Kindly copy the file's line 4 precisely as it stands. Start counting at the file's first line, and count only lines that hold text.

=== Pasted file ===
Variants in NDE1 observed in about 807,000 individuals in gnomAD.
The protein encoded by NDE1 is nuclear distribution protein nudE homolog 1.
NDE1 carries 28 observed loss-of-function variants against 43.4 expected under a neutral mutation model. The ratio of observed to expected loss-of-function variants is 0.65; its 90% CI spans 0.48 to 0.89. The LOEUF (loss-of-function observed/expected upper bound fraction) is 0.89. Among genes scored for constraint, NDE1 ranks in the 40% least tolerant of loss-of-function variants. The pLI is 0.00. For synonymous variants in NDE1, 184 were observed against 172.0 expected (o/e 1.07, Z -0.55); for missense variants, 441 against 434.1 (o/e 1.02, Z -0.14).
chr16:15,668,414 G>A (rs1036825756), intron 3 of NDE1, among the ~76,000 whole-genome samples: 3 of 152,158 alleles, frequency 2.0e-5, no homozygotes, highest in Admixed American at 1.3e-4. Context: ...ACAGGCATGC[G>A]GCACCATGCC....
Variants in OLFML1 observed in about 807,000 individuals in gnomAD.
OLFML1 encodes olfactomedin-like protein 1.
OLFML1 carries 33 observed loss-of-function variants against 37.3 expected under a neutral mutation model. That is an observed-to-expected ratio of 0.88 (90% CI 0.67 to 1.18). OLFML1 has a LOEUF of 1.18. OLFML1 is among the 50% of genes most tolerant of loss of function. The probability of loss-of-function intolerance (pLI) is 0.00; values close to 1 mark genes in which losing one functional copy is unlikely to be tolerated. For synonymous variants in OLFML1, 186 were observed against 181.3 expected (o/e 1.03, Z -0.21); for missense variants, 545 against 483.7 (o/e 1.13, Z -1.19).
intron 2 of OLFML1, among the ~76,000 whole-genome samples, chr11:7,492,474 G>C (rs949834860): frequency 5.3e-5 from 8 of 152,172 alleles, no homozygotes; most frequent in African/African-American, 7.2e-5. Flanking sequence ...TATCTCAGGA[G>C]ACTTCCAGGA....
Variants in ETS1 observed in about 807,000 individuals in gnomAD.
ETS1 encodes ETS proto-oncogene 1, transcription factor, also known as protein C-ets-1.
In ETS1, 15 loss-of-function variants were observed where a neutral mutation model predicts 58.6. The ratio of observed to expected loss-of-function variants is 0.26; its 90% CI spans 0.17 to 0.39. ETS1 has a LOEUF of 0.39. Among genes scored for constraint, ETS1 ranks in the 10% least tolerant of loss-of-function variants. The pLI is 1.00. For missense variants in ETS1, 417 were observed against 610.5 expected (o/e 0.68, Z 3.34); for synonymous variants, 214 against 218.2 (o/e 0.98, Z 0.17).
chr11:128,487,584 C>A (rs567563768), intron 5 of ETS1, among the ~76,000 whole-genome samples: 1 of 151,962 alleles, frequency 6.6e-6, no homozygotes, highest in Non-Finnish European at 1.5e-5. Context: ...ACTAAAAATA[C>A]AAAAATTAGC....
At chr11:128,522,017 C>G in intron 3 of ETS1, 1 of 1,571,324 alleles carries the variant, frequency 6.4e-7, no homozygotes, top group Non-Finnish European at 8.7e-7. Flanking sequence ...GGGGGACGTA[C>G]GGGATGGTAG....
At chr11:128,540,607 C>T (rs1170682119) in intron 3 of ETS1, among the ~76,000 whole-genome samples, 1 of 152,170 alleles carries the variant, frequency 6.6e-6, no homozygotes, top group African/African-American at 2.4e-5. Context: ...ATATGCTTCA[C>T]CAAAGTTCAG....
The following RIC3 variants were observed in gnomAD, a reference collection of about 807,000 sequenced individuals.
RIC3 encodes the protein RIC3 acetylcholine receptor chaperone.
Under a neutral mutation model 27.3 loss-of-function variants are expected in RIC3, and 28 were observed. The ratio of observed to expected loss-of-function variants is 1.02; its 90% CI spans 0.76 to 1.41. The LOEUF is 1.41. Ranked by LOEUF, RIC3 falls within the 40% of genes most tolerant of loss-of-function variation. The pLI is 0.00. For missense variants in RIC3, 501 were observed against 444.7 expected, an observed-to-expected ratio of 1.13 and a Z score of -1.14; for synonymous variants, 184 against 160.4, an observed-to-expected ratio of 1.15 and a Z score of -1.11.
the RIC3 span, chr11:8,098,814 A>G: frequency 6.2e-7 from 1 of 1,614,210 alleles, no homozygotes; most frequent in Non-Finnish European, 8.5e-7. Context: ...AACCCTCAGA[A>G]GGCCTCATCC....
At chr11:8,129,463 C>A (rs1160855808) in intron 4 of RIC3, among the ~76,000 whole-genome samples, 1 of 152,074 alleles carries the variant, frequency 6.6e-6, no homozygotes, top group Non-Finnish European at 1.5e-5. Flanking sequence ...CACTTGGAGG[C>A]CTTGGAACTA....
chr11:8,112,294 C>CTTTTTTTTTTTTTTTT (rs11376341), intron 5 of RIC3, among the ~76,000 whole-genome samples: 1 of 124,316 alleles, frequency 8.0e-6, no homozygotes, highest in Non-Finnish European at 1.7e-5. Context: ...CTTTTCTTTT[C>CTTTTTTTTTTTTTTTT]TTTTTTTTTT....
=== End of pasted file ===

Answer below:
chr16:15,668,414 G>A (rs1036825756), intron 3 of NDE1, among the ~76,000 whole-genome samples: 3 of 152,158 alleles, frequency 2.0e-5, no homozygotes, highest in Admixed American at 1.3e-4. Context: ...ACAGGCATGC[G>A]GCACCATGCC....